It might seem easier to hide. To craft a little space and internal world where no one else can intrude, and you can control most of the variables. It doesn’t work and it often ends in some sort of addiction. (Trust me on this one.) Our hearts are seeking love – we can try to crush them, but they’re very hard to extinguish. Instead let your heart’s desire point you to Life itself, Jesus Christ. He’s the one who can bring our hearts to spiritual life and vibrancy. And life is much better when your heart is vibrantly alive. Hint: you don’t need marriage to be vibrantly alive. Also here’s another hint: a lot of married people want vibrantly alive hearts too, and marriage didn’t deliver the goods. Befriend them and their spouse and their children. You’ll all be better off.

God does see you, and He can actually meet your needs.

If you remember nothing else, remember this. God does see you. He hasn’t forgotten. He hasn’t turned away. He hasn’t left you alone. He knows, better than any human, what it means to be single. What it means to be alone, feel marginalized, and not included in the community. He knows the depth of temptation. We don’t have a high priest who doesn’t get it – Jesus gets it. He knows how loud the voice of shame can sound in our ears. He knows the brave price of obedience in the secret places of the heart that no other human might ever see. 

His word is full of promises that are absolutely trustworthy. I’m serious. Lean on them and find out that they can hold you in the grief, the disappointment, the hope, the glimpses of eternity. This road is paved with the legacies of so many other saints who also never knew the temporal joys of marriage – read their stories too. Open your heart to the love of Christ, and then open your eyes to those around you who need His love. You are not anything less than a beloved child of God, a vessel for His love, and one who has had good works prepared in advance for you to do. Bravely embrace the tiny corner of creation you are given today. Tomorrow is a question mark – but Jesus says it already has enough worries to keep itself occupied. 

There’s a lot more I could write, but the honest truth is that the story is still going. I don’t know how it ends (I know, I know…you thought Future Me would have all the answers. Again, sorry.) but I do know that the presence and love of Jesus Christ is the only thing that can carry us to the other end of the map.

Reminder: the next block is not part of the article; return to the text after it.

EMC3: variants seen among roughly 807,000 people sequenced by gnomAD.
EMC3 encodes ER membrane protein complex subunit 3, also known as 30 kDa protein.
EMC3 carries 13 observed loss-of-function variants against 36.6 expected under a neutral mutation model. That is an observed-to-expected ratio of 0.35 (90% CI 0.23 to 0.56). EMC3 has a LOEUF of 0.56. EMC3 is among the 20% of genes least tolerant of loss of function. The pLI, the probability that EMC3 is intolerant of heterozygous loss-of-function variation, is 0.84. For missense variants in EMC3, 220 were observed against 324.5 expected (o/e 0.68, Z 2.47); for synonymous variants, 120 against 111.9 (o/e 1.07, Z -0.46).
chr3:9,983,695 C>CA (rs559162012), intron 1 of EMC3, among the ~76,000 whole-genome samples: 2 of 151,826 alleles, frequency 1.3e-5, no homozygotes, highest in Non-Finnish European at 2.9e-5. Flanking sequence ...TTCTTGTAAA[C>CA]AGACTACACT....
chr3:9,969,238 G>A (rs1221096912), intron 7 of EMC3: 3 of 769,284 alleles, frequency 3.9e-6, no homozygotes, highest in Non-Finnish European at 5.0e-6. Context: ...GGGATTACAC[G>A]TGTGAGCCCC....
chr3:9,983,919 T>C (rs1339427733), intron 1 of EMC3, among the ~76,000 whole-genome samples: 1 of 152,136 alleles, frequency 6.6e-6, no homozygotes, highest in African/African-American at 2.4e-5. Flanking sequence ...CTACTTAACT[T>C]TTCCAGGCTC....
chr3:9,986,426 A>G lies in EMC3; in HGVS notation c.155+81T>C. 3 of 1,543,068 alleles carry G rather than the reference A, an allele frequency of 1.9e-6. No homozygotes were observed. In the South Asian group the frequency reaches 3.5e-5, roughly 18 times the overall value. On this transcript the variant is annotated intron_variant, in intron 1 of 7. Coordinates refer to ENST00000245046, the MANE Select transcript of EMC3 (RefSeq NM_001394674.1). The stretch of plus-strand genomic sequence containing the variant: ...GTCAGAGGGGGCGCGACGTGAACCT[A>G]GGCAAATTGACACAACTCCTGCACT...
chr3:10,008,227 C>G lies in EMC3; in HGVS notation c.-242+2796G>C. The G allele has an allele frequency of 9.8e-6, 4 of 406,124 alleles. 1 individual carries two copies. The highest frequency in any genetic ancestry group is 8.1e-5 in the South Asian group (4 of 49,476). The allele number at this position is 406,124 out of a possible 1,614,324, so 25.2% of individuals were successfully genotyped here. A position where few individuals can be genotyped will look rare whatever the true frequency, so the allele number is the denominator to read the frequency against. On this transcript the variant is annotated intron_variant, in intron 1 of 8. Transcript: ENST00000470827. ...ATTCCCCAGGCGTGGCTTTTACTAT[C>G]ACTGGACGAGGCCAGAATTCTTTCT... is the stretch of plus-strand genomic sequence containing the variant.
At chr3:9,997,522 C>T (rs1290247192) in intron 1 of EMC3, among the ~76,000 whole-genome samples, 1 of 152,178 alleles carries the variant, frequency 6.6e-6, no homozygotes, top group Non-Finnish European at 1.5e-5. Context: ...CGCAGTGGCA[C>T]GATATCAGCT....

By His Grace,

Amy

 

PS: In other news, our former writer Anna is getting married to James, a lovely and godly Christian man. We couldn’t be happier and many of the fp writers (past and present) will be celebrating with them on Saturday! We know this is God’s good grace in the form of answered prayer – and we are grateful together!

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6 Responses to What Would I Tell My Younger Me

  1. Karis says:

    Funny, I was thinking the “intimacy is scary” part didn’t really apply to me, because I pretty much have no problem being my real self, vulnerable, etc. with even someone I’ve just met (woman, man, young, old, whoever!) But then I realized I *am* scared when I “fear” some guy I “like” might actually “find out” that I actually “like” him! So I guess I’m not as immune to that fear as I’d thought. 😉 I was really encouraged by “God does see you, and He can actually meet your needs.” I really do know that, but somehow I let the fact that I don’t FEEL that way lead me to doubt it. I need to keep telling myself that truth, all the time. Thanks!!

    • fast. pray. says:

      Haha I know the feeling! I think everyone has spots where they are afraid of intimacy in some form or fashion…and often because it has resulted in pain in other situations, and that’s why I think it takes bravery! Good job being more brave bit by bit 🙂

  2. adeline says:

    Thanks Amy for this insightful article. God bless you! Happy happy to hear of another wedding in this forum. My congratulations to Anna and James. I believe that we all soon testify of God’s goodness in this area of our lives.

  3. Christina says:

    Right on the mark. Just where I am and my thinking is. Thank you for this honest expression of feeling and truth.